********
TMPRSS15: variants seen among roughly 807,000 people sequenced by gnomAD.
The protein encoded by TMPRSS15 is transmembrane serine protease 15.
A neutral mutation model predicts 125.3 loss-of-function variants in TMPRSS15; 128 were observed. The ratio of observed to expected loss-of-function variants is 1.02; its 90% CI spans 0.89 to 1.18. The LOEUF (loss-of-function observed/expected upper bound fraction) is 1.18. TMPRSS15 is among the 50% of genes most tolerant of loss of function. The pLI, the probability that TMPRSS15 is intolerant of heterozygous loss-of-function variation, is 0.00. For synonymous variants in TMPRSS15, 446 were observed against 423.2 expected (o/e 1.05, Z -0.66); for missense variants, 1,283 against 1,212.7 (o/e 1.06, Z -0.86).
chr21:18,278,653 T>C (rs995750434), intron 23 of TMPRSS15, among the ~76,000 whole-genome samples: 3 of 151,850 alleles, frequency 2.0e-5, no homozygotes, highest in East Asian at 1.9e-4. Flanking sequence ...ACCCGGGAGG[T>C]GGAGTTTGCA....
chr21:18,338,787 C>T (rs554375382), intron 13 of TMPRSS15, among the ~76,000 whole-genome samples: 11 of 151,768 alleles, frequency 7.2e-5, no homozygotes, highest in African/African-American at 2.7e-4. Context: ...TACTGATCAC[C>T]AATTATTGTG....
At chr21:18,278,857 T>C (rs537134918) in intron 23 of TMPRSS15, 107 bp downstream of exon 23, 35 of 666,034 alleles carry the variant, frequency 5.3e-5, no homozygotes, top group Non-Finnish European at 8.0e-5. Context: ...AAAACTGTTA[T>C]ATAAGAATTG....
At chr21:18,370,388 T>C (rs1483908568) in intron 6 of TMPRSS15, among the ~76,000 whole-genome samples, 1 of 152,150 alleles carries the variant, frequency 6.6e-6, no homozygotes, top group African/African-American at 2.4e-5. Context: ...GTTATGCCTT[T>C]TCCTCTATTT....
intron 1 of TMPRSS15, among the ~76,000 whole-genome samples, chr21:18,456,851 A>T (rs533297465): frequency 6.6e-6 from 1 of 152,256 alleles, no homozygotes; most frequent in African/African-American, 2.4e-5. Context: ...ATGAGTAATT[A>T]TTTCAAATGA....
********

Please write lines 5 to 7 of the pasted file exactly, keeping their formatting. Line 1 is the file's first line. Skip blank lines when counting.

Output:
chr21:18,338,787 C>T (rs554375382), intron 13 of TMPRSS15, among the ~76,000 whole-genome samples: 11 of 151,768 alleles, frequency 7.2e-5, no homozygotes, highest in African/African-American at 2.7e-4. Context: ...TACTGATCAC[C>T]AATTATTGTG....
At chr21:18,278,857 T>C (rs537134918) in intron 23 of TMPRSS15, 107 bp downstream of exon 23, 35 of 666,034 alleles carry the variant, frequency 5.3e-5, no homozygotes, top group Non-Finnish European at 8.0e-5. Context: ...AAAACTGTTA[T>C]ATAAGAATTG....
At chr21:18,370,388 T>C (rs1483908568) in intron 6 of TMPRSS15, among the ~76,000 whole-genome samples, 1 of 152,150 alleles carries the variant, frequency 6.6e-6, no homozygotes, top group African/African-American at 2.4e-5. Context: ...GTTATGCCTT[T>C]TCCTCTATTT....